What’s your favorite thing about working for Gears?
Working from home is a great benefit, but the supportive, creative team I mentioned above is truly the greatest benefit. Sure, many of us are a bit of a “Salesforce Nerd” but we all lead with empathy and creativity. It’s a place where I feel truly supported. The annual meeting (usually held in coastal Maine) is also a great time to share ideas, eat great food, stay up too late, and plan the coming year’s growth. This year our meeting was fully remote, still fun, and garnered me a “People’s Choice” Award for being a helpful Geary.
When you’re not on-the-clock, how do you spend your time?
I love movies and comics. If you have a TV series about lonely British police detectives in rolling countryside – that’s my jam. My family really enjoys the UK television series “Taskmaster” – where participants solve problems in creative ways. I have coached my daughter’s First Lego League Robotics team for the past 5 years. I like to bike, kayak, and travel with my family. When we can, we hit the lakes and coast of New England. We’re all eager to get back out when it’s safe to travel again.
If you were trapped on a deserted island, what one thing would you want to bring with you?
Netflix does not sound like a practical answer. Maybe sunscreen, so I could be protected for a while, and spell out “HELF” on the beach with the rest of the bottle.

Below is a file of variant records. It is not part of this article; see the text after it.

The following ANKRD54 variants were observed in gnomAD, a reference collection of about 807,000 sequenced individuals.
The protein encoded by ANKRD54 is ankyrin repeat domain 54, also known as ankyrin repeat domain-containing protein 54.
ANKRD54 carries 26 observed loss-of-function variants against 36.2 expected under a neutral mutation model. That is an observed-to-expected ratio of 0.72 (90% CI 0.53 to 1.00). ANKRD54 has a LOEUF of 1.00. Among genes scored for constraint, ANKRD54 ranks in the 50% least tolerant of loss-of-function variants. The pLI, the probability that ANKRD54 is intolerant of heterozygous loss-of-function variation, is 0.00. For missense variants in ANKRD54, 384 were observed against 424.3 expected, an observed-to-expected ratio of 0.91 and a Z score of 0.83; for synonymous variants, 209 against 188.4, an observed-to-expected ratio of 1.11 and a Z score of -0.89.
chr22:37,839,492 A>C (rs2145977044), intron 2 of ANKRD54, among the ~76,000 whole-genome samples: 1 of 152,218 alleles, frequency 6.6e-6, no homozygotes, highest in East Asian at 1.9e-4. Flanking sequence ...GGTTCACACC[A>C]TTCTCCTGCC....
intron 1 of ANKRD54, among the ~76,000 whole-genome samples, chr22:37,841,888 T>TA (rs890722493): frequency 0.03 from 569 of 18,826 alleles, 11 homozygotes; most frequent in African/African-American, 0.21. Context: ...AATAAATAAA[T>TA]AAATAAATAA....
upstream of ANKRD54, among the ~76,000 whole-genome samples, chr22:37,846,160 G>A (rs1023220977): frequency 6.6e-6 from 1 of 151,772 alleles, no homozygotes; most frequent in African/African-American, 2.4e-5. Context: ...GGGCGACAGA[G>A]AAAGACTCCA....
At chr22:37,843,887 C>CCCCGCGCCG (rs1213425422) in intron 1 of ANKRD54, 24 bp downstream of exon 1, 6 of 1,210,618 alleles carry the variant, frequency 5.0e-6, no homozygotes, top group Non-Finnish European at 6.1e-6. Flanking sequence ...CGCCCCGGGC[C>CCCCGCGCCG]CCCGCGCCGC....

Do you have advice for anyone getting ready to work from home full time?
Well, it seems that many more people are diving into remote work lately with social distancing and COVID precautions. Generally, people will tell you a lot about will-power. I recommend a sit to stand (motorized) desk. The one I got was pretty expensive, but it is the first desk I have EVER owned for myself as a grown-up. No drawers or storage, but it allows me to sit comfortably, and then change to standing seamlessly (accompanied by a low motor noise). This keeps me from getting stiff or bogged down in 1 position, or literally one point of view, all day. To that end, taking a walk – or literally a shower – are great ways to distract the mind if you feel “blocked.” Maybe for the new year, I’ll put a white board in the shower.
Thanks to Bruce for taking the time to share! If a consulting role sounds like the job for you, check out our open positions and learn more about working for Gears. We look forward to introducing you to more of the team through the “Life at Gears” series!